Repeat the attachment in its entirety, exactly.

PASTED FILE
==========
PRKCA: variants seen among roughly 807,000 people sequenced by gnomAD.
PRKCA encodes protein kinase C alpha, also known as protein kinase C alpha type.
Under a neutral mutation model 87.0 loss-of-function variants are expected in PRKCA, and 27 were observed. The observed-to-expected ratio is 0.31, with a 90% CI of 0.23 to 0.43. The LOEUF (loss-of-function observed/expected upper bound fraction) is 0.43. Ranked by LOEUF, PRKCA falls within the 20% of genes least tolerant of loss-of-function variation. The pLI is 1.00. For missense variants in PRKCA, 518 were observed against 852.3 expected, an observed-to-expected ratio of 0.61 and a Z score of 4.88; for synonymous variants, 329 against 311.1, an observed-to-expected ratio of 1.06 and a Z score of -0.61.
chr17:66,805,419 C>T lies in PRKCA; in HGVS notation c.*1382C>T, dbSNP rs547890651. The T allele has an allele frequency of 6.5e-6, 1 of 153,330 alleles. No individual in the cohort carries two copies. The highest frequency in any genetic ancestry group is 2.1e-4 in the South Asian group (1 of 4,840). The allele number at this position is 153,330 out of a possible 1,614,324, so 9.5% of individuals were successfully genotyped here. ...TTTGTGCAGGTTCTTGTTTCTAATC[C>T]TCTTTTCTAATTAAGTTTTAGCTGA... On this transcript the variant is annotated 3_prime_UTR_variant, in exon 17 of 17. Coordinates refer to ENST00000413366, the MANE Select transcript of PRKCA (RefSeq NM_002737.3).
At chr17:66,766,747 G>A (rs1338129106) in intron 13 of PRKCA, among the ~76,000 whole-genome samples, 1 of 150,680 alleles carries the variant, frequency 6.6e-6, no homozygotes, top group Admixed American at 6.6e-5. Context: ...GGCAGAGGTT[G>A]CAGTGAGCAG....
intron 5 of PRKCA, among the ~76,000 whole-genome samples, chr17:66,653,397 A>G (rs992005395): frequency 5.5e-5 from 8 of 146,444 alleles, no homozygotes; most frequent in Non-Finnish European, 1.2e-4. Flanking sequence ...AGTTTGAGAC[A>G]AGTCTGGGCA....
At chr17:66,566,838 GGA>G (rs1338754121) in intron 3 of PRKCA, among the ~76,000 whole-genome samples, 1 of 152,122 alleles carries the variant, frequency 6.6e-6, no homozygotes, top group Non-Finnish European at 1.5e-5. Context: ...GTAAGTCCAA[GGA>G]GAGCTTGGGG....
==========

PRKCA: variants seen among roughly 807,000 people sequenced by gnomAD.
PRKCA encodes protein kinase C alpha, also known as protein kinase C alpha type.
Under a neutral mutation model 87.0 loss-of-function variants are expected in PRKCA, and 27 were observed. The observed-to-expected ratio is 0.31, with a 90% CI of 0.23 to 0.43. The LOEUF (loss-of-function observed/expected upper bound fraction) is 0.43. Ranked by LOEUF, PRKCA falls within the 20% of genes least tolerant of loss-of-function variation. The pLI is 1.00. For missense variants in PRKCA, 518 were observed against 852.3 expected, an observed-to-expected ratio of 0.61 and a Z score of 4.88; for synonymous variants, 329 against 311.1, an observed-to-expected ratio of 1.06 and a Z score of -0.61.
chr17:66,805,419 C>T lies in PRKCA; in HGVS notation c.*1382C>T, dbSNP rs547890651. The T allele has an allele frequency of 6.5e-6, 1 of 153,330 alleles. No individual in the cohort carries two copies. The highest frequency in any genetic ancestry group is 2.1e-4 in the South Asian group (1 of 4,840). The allele number at this position is 153,330 out of a possible 1,614,324, so 9.5% of individuals were successfully genotyped here. ...TTTGTGCAGGTTCTTGTTTCTAATC[C>T]TCTTTTCTAATTAAGTTTTAGCTGA... On this transcript the variant is annotated 3_prime_UTR_variant, in exon 17 of 17. Coordinates refer to ENST00000413366, the MANE Select transcript of PRKCA (RefSeq NM_002737.3).
At chr17:66,766,747 G>A (rs1338129106) in intron 13 of PRKCA, among the ~76,000 whole-genome samples, 1 of 150,680 alleles carries the variant, frequency 6.6e-6, no homozygotes, top group Admixed American at 6.6e-5. Context: ...GGCAGAGGTT[G>A]CAGTGAGCAG....
intron 5 of PRKCA, among the ~76,000 whole-genome samples, chr17:66,653,397 A>G (rs992005395): frequency 5.5e-5 from 8 of 146,444 alleles, no homozygotes; most frequent in Non-Finnish European, 1.2e-4. Flanking sequence ...AGTTTGAGAC[A>G]AGTCTGGGCA....
At chr17:66,566,838 GGA>G (rs1338754121) in intron 3 of PRKCA, among the ~76,000 whole-genome samples, 1 of 152,122 alleles carries the variant, frequency 6.6e-6, no homozygotes, top group Non-Finnish European at 1.5e-5. Context: ...GTAAGTCCAA[GGA>G]GAGCTTGGGG....